I came back afterwards to get papers. The passport girl looked at my last name: “Bo-ga-ty-ryo-va” and said that I’m not in need because I live in Moscow and my family must be well off. But not everybody has rich relatives! Me personally – I’m not rich! I could have been better off if I had sold the land I had back then – about nine hundred square meters, even more… but later everything decreased in values, you see?   

Now I can’t understand how I managed to survive all that… I wasn’t a firm believer and couldn’t say if I was a Muslim or a Christian. But in November 1996 I consciously came to my faith, not just because of my father or mother or any particular kind of blood. There’re all kinds of blood: Muslim and Christian and whatnot. My subconscious brought me to the truth.   

Of course, it will be hard for me to convert my son: he’s a Muslim. But then again, God is One. I have no right to tell him: “You must be a Christian!” I came to my faith at the age of forty.   

Thank God, we are alive and well even though it left scars, for sure. A relative of mine came to visit. She said: “I got a disability status and all that.” And I asked how it was possible. I have a fear of God. She said: “Didn’t you wake up at night because of the bombings?” I said: “Yes, I did. I would have nightmares and wake up all wet, so that the only thing to do was to take everything off and run to the shower.” She said: “And yet you think you are not disabled?” I said: “Thank God, I’m not disabled! I don’t even want to hear this word. Thank God, I’m alive and well, I walk on my own legs; we run around like that, so thank God!”   

I don’t work: my son and my daughter support me somehow. She works in Moscow.   I have Catholic blood in me and Muslim blood, too. So what am I to do now? I mean, how can I prove that I’m God’s person? I don’t wish for death, I don’t wish for blood, I don’t wish for anything to happen to anybody. I am 54 years old and I only want peace and quiet, you see? I don’t have enemies, because my faith is like that, but their faith is different, it’s all really ridiculous, you see? I even know languages: Chechen and Ingush, I’m fluent in them.   There used to be many ethnicities here: Armenians, Jews… there was an important oil institute here. You could find any type of person among the students!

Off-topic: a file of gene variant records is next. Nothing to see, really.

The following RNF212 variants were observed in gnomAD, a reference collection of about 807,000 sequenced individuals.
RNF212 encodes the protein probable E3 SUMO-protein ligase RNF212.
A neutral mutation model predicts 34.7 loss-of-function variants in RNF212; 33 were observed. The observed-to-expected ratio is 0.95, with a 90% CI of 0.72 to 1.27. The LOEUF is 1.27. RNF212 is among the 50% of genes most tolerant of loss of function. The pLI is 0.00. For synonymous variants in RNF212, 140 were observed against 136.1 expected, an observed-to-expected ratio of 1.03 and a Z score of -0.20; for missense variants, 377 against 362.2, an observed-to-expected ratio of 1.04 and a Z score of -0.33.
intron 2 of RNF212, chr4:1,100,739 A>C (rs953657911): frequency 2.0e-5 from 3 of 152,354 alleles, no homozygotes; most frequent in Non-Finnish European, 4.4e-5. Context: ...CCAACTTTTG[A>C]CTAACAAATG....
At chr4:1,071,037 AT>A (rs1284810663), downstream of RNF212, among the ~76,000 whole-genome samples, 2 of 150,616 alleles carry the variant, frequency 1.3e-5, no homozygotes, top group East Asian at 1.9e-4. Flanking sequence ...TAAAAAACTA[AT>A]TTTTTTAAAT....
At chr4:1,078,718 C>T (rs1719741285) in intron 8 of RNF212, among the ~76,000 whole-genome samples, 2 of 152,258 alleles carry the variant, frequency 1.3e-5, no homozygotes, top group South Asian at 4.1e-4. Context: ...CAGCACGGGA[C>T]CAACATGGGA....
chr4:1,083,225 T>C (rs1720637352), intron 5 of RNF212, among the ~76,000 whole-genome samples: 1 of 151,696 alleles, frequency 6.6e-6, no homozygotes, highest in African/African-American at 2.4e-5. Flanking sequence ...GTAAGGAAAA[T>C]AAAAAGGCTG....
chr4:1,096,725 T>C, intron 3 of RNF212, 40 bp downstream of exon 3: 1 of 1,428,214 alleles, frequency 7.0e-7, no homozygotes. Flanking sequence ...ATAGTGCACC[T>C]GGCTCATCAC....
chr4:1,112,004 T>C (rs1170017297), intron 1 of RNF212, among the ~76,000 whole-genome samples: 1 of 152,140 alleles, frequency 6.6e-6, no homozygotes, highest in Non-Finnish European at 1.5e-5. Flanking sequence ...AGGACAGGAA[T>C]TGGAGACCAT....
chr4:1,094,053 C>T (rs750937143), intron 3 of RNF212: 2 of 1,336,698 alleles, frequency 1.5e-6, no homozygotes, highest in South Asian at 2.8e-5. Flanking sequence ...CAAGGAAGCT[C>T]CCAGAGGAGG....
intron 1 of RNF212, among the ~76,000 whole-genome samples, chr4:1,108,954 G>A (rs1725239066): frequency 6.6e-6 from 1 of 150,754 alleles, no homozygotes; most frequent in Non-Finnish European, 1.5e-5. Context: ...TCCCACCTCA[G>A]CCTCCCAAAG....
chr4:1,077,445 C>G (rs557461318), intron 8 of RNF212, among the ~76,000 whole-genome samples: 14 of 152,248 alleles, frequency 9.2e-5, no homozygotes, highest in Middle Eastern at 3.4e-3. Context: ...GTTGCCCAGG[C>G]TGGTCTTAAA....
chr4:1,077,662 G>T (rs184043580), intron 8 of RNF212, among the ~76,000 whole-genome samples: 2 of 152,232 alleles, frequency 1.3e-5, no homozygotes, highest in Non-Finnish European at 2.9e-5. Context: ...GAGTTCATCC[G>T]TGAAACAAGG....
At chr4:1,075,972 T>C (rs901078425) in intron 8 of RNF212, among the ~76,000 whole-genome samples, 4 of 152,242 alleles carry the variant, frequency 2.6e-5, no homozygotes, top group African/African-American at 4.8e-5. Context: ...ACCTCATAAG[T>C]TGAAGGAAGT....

There were even people coming from the North. The city of Sernovodsk – it’s a spa for people with joint problems. Every year they would come over. They would come with crutches and leave without crutches. They would come once, then the next year, then the next, and then they would become like relatives and they would become friends and people would stay in touch. I wish it could be like that again.   

Why were there depth-charge bombings targeting us? There were specific people there. Sidorov is guilty? Or Ivanov? Or Makhmudov? Then punish them! But why throw bombs at us? You see, it’s wrong, but who’s been called to account for all that? Nobody has. And who’s been called to account for those Russian boys who were standing there, starving and lice-ridden, “Mommy, I want to go home”? Who took responsibility for those kids? And who threw our kids, Russian kids, into that slaughterhouse? We saw all that with our own eyes. It’s scary. We are the living dead.   

Well, today is a holy day, a pure day. May our prayers and our tears… may the Blessed Virgin help us! I don’t have enemies, either Chechen or Russian. Maybe it’s a mafia. Who benefited from all that? May God be their judge! That’s all. All the best to you.


The city of Ordinary People
The city of Religion
The city of Men
The city of Oil
The city of Women
The city of Strangers
The city that Ceased to Exist
The city of War
The city of Servants

An interactive documentary by
Olga Kravets, Maria Morina and Oksana Yoshenko. 

An interactive production by
Chewbahat Storytelling Lab 

Photographs and video production
Verso Images

Picture Editor & Curator
Anna Shpakova

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Music and Sound design by
José Bautista - Kanseisound

Narrative Structure and Design
Gerald Holubowicz

English and Russian voice over
Maria Morina





About the project

Grozny, the capital of war-torn Chechnya, is a melting pot for changing Сaucasus society that is trying to overcome a post-trauma shock of two recent wars and find its own way of life in between traditional Сhechen values, Muslim traditions, and globalization, to cope with rapidly changing role of women, increasing contrast between rich and poor and political games. 

Our project Grozny: Nine Cities is inspired by a Thornton Wilder book, Theophilus North, and centers on the idea of nine cities being hidden in one, which gives us a concept to explore specific aspects of the aftermath of two Chechen wars considering them as ”cities” hidden within Grozny.